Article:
More successful projects

At the most basic level, companies can enjoy successful projects - and all the knock-on benefits that go with it - if their staff are suitably trained up on their specialism. Businesses live or die on the results of their projects, with word getting around quickly to others of just how much of a success (or, indeed, failure) each has been.

Completion of successful projects will only open the door to more business, which is guaranteed to impact bottom-line ROI. Then in future, clients will be more ready to take on repeat projects if prior experience was a success, or at the very least recommend the services to their own clients and partners. For all these reasons, businesses want to do all they can to improve monitoring and control of projects - which training can help.

To measure the ROI of project management training, first look into the reasons why previous projects have been deemed a success or a failure. For greater accuracy, remove those where third party factors were influential, to leave behind only those where the results could be attributable to the workers involved with the project, then simply look to see whether results were bettered after training was completed.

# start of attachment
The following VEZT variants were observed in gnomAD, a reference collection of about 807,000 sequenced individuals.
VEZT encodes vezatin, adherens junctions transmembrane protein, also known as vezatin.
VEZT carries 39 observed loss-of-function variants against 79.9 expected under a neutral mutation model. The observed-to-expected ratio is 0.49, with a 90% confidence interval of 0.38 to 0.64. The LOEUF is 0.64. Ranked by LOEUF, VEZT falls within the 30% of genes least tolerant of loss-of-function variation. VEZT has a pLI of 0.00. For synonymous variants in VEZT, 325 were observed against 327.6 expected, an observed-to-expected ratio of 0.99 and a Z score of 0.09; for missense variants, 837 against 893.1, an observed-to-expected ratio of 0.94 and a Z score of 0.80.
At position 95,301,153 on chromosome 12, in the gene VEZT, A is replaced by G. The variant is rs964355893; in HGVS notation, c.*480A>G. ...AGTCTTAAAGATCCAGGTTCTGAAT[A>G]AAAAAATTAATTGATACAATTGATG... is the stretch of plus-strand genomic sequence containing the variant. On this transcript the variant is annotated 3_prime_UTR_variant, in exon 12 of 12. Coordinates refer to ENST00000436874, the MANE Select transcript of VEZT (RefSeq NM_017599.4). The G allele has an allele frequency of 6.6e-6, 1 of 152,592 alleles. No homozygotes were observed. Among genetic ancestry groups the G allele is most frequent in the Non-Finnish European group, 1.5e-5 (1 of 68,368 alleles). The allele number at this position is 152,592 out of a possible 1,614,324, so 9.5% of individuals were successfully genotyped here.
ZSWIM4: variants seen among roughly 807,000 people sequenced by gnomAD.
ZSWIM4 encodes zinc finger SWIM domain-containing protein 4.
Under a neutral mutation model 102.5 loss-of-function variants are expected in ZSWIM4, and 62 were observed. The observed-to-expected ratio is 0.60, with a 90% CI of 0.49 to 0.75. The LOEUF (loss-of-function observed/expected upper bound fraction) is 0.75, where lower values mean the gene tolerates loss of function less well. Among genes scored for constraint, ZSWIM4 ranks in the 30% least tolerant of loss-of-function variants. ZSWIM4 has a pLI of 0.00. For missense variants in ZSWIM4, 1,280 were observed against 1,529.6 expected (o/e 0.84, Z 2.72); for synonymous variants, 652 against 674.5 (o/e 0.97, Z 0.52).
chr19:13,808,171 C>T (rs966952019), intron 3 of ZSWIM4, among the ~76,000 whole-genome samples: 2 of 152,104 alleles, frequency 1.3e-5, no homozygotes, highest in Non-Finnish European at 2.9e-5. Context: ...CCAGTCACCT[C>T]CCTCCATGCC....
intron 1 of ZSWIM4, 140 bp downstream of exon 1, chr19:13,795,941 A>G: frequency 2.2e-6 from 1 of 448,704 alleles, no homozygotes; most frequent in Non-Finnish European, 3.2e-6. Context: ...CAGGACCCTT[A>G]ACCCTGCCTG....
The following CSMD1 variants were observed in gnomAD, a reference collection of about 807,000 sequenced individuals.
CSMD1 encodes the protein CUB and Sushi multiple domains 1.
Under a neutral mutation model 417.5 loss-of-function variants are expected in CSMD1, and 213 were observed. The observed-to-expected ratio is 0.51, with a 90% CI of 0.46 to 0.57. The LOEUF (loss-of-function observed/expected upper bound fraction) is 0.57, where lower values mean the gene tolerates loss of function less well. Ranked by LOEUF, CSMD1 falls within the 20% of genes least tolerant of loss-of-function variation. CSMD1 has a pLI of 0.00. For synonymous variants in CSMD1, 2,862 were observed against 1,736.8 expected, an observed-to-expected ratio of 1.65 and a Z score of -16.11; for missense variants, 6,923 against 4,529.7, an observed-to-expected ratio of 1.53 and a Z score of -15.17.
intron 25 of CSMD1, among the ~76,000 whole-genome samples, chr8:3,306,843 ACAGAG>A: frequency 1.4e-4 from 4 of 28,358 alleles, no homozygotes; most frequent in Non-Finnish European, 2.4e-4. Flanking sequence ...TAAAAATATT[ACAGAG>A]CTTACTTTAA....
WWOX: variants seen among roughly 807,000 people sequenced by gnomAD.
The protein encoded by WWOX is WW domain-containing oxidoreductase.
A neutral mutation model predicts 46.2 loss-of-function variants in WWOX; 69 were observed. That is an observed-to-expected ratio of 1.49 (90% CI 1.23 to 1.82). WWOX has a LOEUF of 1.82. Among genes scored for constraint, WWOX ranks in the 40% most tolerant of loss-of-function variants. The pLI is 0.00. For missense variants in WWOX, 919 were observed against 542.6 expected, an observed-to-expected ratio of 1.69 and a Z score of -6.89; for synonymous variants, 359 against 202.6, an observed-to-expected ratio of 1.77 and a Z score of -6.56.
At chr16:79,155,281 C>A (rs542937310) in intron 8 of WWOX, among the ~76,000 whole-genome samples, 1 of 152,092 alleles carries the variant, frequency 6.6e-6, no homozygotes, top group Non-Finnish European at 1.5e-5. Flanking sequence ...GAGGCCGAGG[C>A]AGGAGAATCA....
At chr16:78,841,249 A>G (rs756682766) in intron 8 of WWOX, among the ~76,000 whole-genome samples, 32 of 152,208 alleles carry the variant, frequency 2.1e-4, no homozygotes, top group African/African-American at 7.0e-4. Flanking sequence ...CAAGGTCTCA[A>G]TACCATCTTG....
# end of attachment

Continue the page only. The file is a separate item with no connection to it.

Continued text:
Reactive management

Continuing with on-project work, the right training will help managers deal with situations as they arise, knowing just what they need to do in order to solve a problem or eke out the desired result. Anyone trained in proactive risk management should then know just what "surprises" could crop up during the project and how best to deal with them.

Trained, agile project managers should then not only better guarantee the success of a project but may also complete it in a much quicker time. Without costly delays stretching the project days or weeks beyond the original specification, a business can move onto the next and not get bogged down paying out when better training would have stopped this at source.

Staff turnover